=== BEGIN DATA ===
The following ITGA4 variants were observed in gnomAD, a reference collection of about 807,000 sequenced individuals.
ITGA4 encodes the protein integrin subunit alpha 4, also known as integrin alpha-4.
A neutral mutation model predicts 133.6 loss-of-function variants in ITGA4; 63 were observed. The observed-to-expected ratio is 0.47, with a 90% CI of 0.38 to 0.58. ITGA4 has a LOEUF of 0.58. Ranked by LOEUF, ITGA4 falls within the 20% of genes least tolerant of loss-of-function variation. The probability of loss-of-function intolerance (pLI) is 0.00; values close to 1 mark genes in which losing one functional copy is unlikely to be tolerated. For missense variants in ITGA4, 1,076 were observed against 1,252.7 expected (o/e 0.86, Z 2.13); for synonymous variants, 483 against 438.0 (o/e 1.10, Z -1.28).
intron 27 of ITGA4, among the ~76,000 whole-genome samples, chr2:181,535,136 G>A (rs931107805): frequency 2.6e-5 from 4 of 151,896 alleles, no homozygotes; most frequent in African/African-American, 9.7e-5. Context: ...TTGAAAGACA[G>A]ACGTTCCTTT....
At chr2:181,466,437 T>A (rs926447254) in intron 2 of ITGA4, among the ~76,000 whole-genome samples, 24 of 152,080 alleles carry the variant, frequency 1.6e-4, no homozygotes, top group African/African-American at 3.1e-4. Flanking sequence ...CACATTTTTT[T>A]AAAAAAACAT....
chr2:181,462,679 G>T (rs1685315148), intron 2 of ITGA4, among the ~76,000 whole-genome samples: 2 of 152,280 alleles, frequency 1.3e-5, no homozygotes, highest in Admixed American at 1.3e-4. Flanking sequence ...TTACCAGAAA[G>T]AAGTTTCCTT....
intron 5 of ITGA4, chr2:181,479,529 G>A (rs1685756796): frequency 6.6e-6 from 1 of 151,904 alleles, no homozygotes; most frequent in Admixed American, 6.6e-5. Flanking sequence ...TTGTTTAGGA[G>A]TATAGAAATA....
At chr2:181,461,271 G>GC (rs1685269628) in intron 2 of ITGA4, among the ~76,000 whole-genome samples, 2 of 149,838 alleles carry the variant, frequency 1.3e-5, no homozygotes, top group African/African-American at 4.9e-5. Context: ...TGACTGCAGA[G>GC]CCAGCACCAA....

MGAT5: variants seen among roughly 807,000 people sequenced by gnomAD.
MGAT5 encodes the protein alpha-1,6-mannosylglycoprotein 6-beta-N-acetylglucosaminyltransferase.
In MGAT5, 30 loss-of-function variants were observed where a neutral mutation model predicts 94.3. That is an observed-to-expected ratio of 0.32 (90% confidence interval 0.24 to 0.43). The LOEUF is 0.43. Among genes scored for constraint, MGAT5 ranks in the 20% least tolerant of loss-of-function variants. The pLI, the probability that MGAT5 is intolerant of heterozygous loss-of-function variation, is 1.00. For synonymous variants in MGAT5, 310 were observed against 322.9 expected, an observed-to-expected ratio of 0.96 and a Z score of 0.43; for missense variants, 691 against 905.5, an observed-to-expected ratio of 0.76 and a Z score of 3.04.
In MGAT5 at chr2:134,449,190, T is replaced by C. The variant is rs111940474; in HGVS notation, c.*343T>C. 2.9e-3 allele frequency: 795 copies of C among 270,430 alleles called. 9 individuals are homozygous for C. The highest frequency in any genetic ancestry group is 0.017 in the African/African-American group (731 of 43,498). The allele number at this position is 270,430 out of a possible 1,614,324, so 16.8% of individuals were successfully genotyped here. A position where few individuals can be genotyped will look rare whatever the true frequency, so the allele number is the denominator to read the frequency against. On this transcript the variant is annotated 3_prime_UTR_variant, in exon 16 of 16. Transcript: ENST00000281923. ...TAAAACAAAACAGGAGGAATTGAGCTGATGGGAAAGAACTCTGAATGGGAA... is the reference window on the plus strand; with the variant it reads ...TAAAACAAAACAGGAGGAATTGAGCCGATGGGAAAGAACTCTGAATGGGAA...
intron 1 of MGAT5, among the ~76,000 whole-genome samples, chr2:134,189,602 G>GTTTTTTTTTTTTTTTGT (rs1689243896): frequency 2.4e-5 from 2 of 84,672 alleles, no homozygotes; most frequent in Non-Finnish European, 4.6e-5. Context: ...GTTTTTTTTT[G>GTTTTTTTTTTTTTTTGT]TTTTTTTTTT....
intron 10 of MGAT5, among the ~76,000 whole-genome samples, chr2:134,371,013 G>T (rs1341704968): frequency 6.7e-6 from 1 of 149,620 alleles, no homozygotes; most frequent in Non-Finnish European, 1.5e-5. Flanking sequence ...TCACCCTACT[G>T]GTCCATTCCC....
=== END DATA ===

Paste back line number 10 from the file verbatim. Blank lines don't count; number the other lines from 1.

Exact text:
MGAT5 encodes the protein alpha-1,6-mannosylglycoprotein 6-beta-N-acetylglucosaminyltransferase.